CGHE’s second annual conference on 1 March 2017 in London will explore the drivers and effects of changing global relations in higher education. Simon Marginson reflects on higher education’s place in the world today.
The world and higher education are undergoing transformational change, and social contracts and global relations in higher education are in the melting pot.
In more than 60 nations across the world, more than half of all young people now enter higher education institutions (HEIs). Cross-border student movement continues to expand at a record pace and has reached four million students a year. Research science is also growing rapidly in many countries, the ‘World-Class University’ movement has spread to many middle income nations, and higher education and science in East Asia and Singapore are beginning to match Europe in quality as well as scale.
Higher education is an increasingly vital resource in the competitive world of industry innovation. It is now routinely expected to tackle key global problems such as climate change. It is a high (though often under-funded) priority of governments all over the world, which in many nations are introducing more detailed performance management regimes in efforts (not always effective) to extract greater value and more rapid and directed responses from the sector.
Research evaluation, comparison and ranking play a major role and the UK is considering new methods of evaluating and comparing teaching, learning and graduate quality. The ongoing growth and internationalisation of higher education has brought it into a central social and economic role in nations all over the world. Yet this sector also faces many new and continuing challenges.
Our goal is to identify, investigate and discuss those challenges with the potential for overcoming them in the future. CGHE’s second annual conference on 1 March 2017 in London will be devoted to changing global relations in higher education, and new dynamics in national systems and local HEIs.
The conference will explore the drivers and effects of changing global and local relations in education and knowledge, within and between nations, including global/local synergies and tensions. Higher education is closely affected by current political, economic and cultural debates. This is the natural consequence of becoming a socially central sector.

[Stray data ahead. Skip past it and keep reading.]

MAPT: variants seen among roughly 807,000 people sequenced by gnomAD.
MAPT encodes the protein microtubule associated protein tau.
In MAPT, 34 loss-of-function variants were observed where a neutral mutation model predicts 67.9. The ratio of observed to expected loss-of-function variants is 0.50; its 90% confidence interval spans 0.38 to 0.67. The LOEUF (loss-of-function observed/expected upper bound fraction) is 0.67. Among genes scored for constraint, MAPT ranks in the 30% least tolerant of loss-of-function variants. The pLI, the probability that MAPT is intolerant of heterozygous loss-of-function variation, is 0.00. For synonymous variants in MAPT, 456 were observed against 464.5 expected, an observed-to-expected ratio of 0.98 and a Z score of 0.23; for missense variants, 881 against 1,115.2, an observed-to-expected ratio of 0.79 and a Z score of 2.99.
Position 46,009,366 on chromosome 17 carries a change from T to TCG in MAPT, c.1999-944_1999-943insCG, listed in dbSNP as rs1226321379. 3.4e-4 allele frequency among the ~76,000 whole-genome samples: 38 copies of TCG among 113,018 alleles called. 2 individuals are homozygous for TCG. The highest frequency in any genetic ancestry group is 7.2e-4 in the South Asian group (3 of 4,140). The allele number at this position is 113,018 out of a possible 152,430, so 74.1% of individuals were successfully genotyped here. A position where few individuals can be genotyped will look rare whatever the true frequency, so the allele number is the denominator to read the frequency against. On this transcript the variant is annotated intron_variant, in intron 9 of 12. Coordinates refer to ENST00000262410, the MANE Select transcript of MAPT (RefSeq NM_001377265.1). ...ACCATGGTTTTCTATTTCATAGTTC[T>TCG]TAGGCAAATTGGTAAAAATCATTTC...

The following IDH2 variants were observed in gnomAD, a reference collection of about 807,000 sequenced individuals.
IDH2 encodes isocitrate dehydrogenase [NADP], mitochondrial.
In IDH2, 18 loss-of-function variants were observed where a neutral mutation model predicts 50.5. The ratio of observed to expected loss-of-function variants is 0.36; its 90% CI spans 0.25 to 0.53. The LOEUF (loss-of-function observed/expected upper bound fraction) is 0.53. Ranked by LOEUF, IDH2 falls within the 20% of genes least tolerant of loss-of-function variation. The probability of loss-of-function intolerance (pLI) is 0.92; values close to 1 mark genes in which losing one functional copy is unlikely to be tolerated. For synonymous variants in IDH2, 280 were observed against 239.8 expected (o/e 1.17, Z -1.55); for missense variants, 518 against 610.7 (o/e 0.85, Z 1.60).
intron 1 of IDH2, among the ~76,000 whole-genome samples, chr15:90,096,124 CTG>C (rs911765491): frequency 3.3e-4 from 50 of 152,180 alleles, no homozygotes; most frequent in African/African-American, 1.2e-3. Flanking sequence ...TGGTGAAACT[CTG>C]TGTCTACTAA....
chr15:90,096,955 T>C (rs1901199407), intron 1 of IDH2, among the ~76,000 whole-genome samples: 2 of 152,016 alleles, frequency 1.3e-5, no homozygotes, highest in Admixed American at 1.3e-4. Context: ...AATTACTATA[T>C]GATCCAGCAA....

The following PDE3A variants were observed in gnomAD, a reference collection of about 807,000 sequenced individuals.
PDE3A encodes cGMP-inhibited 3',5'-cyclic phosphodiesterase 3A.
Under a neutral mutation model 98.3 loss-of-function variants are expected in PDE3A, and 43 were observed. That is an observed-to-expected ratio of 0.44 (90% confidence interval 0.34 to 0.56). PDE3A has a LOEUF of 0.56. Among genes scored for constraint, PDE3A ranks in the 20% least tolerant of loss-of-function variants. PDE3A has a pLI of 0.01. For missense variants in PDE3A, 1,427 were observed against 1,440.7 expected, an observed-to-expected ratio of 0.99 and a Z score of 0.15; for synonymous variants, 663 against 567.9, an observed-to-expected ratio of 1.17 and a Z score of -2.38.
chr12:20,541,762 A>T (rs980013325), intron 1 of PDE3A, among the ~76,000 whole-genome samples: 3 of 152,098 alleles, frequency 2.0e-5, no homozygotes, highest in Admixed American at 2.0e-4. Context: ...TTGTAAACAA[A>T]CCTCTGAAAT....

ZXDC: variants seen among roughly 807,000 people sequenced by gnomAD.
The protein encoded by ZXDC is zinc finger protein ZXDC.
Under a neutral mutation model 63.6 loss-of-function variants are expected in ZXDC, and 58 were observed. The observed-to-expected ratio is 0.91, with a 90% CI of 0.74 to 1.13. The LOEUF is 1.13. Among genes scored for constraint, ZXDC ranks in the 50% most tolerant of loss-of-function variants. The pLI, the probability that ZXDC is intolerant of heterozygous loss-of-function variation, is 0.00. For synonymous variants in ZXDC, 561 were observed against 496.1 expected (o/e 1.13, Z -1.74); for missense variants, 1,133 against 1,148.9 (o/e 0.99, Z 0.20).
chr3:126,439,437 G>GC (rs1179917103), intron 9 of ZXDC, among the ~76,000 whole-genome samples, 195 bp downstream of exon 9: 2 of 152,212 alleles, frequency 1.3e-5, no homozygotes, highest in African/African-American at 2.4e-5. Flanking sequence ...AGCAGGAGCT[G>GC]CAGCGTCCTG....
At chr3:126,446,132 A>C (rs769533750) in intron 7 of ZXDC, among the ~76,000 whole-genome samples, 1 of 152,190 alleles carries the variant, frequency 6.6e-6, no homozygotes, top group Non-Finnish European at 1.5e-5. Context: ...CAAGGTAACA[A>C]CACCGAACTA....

Sharp social inequalities within countries, migration resistance and attacks on climate science and on the general role of ‘experts’ and public intellectuals have positioned higher education as a target for vociferous criticism in some countries.
Higher education can do little about income inequalities, and is committed to expanding social participation and exclusion. Yet at the same time, growing competition within the sector, and the greater stratification of value in ‘steeper’ higher education systems, have undermined social inclusion.
While competition (as well as cooperation) play an inevitable role in research, it is by no means clear that intense competition between institutions leads to better outcomes overall, for example strong teaching and learning in middle and lower tier HEIs, or even fosters financially sustainable higher education systems. Nor is it clear that positioning the student as a ‘customer’, rather than a co-producer of learning, creates higher educational standards, more imaginative and flexible graduates, or vocationally sharper outcomes.
How can higher education enable greater equality and social mobility in societies with growing levels of income inequality? Is graduate underemployment a problem and should families and governments worry about it? Or do we have too few graduates, with the sector still not sufficiently socially inclusive to overcome social divisions? How should student learning be enhanced and how should it be evaluated and where possible compared? These are all questions that the conference will discuss.
Some issues in higher education (such as cross-border student mobility) are global in nature. Other issues are felt at national level but play out in nearly all countries. These include problems of financial sustainability in systems, and graduate employment and unemployment. A third group of issues play out nationally, or regionally, not everywhere.
For example, student unrest is playing a key role in certain countries. What is the future of public higher education in countries after the cataclysmic activism of 2016 in South Africa? What are the implications of widespread social media cynicism about ‘experts’ (Brexit, the Trump election, the climate change debate) for higher education, research science, and the future role of public intellectuals, which seems to be a feature of UK and USA? What about the intense resistance to globalisation in trade and migration, which seems to be deeply felt in the Atlantic countries and much of Western Europe, but not in East or South Asia?
What will be the effects of the rapid political changes taking place within Europe, including the departure of the UK from the EU, for future cooperation in higher education and research. In higher education European cooperation has been an unequivocal success, but it seems that higher education and research may become collateral damage of changes driven from outside the sector, such as Brexit. How will these tensions affect future patterns of worldwide student mobility, academic labour and research creativity and collaboration?
This conference will take place after CGHE has been operating for 15 months. As well as exploring the above topics, CGHE researchers will report on data generated in five of the Centre’s projects. This will be the first public release of CGHE research outputs. Our mandate is to encourage open discussion of the many issues in higher education, to encourage broad dissemination of our research, and to ensure that our research is adapted to meet the needs of its various users.